Netflix does not believe competition with other streaming services had a material impact on its subscriber numbers during the quarter, but analysts suggest Netflix should be concerned about forthcoming streaming competition from AT&T/WarnerMedia (HBO Max) and Walt Disney (Disney+). As more services become available, consumers are likely to take a hard look at the streaming services they are watching and ditch those they are not.

Netflix also declared it will not introduce a cheaper, ad-supported version, despite increasing speculation it would.

“We believe we will have a more valuable business in the long term by staying out of competing for ad revenue and instead entirely focusing on competing for viewer satisfaction.” Netflix told shareholders.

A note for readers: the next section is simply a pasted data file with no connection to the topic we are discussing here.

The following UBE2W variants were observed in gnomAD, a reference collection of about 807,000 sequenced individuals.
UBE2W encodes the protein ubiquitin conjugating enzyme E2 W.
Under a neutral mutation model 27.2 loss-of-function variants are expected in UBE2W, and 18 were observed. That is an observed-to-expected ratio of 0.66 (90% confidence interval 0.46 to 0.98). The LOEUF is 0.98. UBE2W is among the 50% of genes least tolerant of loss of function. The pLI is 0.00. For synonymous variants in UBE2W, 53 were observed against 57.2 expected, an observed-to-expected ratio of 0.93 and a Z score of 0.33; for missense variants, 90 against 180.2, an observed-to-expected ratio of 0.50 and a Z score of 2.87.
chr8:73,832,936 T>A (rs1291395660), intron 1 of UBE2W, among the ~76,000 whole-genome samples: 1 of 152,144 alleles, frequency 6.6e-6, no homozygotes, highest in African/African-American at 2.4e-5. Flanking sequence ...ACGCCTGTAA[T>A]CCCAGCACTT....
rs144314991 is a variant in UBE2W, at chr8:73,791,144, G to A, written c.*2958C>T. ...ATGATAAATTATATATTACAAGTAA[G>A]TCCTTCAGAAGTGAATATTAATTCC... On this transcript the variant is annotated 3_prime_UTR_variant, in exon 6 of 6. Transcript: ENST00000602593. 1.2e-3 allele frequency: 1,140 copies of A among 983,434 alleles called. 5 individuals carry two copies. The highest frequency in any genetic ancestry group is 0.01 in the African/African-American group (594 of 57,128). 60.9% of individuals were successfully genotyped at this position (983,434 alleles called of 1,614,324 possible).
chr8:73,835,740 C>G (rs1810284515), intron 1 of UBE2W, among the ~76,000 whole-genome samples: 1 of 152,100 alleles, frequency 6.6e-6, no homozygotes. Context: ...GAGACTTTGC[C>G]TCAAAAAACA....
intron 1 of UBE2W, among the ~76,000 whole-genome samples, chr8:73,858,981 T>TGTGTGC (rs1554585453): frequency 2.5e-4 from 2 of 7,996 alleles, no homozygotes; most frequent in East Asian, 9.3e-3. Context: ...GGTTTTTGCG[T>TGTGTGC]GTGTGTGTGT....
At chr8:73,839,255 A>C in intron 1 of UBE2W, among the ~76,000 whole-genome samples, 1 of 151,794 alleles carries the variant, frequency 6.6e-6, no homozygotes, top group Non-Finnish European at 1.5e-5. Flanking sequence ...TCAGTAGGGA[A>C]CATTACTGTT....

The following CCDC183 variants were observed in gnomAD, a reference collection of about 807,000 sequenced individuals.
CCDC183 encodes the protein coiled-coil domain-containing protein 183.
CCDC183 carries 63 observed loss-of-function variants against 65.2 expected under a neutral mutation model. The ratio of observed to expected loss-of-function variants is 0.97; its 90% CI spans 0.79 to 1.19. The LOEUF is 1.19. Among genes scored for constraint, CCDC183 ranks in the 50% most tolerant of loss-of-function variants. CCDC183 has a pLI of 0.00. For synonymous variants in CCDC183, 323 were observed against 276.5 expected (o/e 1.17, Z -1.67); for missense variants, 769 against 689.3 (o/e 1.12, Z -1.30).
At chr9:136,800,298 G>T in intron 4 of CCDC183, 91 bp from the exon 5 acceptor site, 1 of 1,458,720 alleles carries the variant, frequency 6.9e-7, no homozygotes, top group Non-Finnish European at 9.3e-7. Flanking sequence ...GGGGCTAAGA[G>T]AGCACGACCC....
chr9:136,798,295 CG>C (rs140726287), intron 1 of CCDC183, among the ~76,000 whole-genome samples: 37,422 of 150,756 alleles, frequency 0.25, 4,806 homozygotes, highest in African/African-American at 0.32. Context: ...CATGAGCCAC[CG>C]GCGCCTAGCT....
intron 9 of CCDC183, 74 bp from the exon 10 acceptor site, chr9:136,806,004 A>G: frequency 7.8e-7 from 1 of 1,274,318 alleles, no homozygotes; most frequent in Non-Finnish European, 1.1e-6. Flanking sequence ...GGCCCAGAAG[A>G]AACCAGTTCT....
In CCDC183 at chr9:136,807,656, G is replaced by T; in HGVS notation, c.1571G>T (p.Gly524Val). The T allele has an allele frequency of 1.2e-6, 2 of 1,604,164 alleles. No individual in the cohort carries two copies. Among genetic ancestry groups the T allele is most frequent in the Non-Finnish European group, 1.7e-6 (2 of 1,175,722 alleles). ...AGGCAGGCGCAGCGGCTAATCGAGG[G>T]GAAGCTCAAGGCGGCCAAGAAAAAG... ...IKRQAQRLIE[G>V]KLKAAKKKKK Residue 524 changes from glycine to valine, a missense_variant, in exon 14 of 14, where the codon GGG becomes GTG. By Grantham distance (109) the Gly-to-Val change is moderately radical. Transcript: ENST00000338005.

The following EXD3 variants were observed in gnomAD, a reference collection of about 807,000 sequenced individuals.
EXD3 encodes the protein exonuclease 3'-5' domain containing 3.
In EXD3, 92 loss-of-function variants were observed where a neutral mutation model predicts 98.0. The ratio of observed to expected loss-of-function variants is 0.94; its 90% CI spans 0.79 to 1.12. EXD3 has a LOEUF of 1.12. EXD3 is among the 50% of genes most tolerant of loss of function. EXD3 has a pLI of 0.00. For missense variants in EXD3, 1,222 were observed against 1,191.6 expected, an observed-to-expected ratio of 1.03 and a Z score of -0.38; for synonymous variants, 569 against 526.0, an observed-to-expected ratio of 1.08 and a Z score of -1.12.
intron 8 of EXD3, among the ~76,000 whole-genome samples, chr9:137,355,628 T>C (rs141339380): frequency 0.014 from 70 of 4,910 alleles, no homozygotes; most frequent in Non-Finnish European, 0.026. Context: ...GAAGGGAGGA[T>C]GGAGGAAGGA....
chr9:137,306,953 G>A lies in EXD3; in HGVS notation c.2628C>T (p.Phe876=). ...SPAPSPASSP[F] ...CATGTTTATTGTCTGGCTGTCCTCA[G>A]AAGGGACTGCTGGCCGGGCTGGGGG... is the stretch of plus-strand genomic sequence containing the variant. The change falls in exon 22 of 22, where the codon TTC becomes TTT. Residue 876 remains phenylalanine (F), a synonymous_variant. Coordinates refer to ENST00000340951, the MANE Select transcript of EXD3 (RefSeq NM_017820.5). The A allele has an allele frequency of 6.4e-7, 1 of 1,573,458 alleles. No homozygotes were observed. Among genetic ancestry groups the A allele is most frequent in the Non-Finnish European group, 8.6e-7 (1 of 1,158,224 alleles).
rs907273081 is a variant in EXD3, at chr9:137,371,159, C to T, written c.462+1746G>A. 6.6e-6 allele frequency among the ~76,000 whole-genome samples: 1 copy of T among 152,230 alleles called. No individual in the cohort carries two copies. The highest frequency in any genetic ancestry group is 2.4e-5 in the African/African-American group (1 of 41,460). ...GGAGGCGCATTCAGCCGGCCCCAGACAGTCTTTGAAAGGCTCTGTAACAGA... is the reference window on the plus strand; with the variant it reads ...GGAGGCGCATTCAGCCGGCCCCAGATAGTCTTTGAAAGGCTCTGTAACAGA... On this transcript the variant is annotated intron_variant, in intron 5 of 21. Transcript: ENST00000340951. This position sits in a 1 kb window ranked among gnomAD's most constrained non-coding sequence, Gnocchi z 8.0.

The Wall Street Journal reviews the many challenges to Netflix from forthcoming contenders in the streaming wars. (4:36)

DirecTV Customers in 17 Major Cities Face CBS, CW Station Blackout

AT&T is facing a last hour showdown with CBS owned and operated local TV stations in 17 major U.S. cities over a new retransmission consent contract that could mean the third major station blackout for customers of DirecTV, DirecTV Now, and AT&T U-verse. Streaming customers would also lose access to on-demand content. In addition, CBS-owned CW television stations would be dropped from all three AT&T-owned services.

AT&T’s contract with CBS affiliates in Atlanta, Baltimore, Boston, Chicago, Dallas, Denver, Detroit, Los Angeles, Miami, Minneapolis, New York, Philadelphia, Pittsburgh, Sacramento, San Francisco, Seattle, and Tampa expires at 11pm PDT on Friday, July 19. At the moment, the two parties are reportedly far apart in negotiations, with AT&T complaining CBS is proposing “unfair terms” for a contract renewal.